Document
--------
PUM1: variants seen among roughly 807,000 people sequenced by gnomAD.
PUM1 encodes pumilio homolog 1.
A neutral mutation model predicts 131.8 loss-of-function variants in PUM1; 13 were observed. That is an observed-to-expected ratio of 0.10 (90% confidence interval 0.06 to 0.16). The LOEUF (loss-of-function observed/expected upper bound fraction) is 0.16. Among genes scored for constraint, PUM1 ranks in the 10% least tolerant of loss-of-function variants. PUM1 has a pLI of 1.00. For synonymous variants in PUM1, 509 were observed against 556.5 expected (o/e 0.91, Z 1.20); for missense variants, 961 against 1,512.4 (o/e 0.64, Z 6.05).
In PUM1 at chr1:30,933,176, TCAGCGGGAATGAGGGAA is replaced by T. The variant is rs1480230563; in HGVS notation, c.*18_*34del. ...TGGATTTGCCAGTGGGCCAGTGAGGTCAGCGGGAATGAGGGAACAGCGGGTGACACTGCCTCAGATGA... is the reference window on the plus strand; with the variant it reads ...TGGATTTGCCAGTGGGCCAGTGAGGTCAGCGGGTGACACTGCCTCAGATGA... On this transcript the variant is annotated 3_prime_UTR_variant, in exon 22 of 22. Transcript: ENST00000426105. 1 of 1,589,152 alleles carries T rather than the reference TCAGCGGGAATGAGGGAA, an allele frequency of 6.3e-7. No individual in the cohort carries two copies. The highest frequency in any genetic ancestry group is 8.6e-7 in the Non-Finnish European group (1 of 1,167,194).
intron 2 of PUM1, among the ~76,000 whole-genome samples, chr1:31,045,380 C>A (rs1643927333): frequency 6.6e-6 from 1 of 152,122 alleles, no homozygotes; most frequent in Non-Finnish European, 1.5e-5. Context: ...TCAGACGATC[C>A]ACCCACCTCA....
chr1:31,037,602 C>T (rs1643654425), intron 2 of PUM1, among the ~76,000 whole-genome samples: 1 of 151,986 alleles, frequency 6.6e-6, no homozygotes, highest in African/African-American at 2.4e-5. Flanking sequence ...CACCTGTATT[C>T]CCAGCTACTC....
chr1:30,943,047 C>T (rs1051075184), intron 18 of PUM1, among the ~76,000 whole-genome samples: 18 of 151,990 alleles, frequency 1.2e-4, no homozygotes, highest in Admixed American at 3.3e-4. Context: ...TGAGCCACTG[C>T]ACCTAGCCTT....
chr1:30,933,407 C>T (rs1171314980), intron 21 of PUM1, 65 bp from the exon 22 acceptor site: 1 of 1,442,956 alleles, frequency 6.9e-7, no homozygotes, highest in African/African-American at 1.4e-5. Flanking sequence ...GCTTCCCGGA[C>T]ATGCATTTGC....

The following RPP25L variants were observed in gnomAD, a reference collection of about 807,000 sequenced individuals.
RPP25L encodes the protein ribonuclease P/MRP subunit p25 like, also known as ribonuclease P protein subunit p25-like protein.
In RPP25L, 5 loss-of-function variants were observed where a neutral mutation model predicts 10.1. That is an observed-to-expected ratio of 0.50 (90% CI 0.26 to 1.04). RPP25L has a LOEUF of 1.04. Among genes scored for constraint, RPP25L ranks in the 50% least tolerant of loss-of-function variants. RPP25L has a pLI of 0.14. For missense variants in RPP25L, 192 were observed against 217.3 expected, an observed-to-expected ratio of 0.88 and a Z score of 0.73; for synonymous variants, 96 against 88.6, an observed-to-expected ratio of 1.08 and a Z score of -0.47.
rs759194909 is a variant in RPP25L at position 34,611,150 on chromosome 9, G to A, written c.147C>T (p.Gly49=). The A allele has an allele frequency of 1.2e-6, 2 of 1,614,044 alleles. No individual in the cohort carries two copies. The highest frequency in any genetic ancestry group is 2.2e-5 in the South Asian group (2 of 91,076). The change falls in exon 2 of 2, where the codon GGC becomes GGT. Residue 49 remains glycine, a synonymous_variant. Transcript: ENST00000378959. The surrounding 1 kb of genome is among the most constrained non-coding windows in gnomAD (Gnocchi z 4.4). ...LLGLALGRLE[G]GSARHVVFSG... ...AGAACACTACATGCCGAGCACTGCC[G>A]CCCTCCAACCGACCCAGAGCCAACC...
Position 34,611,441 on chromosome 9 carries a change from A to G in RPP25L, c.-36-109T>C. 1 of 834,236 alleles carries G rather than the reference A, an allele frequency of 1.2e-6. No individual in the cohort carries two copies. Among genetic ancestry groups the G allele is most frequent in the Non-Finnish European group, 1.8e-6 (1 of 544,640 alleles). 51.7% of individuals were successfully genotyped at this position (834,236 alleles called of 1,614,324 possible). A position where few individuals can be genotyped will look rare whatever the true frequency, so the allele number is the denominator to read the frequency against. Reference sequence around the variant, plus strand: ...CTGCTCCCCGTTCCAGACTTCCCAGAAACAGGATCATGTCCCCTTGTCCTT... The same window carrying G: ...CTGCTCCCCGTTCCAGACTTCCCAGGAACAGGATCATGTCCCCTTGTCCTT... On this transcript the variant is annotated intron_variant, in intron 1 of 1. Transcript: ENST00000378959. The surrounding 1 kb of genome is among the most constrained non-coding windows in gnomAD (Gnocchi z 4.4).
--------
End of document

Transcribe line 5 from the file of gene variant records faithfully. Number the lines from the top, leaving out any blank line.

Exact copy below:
intron 2 of PUM1, among the ~76,000 whole-genome samples, chr1:31,045,380 C>A (rs1643927333): frequency 6.6e-6 from 1 of 152,122 alleles, no homozygotes; most frequent in Non-Finnish European, 1.5e-5. Context: ...TCAGACGATC[C>A]ACCCACCTCA....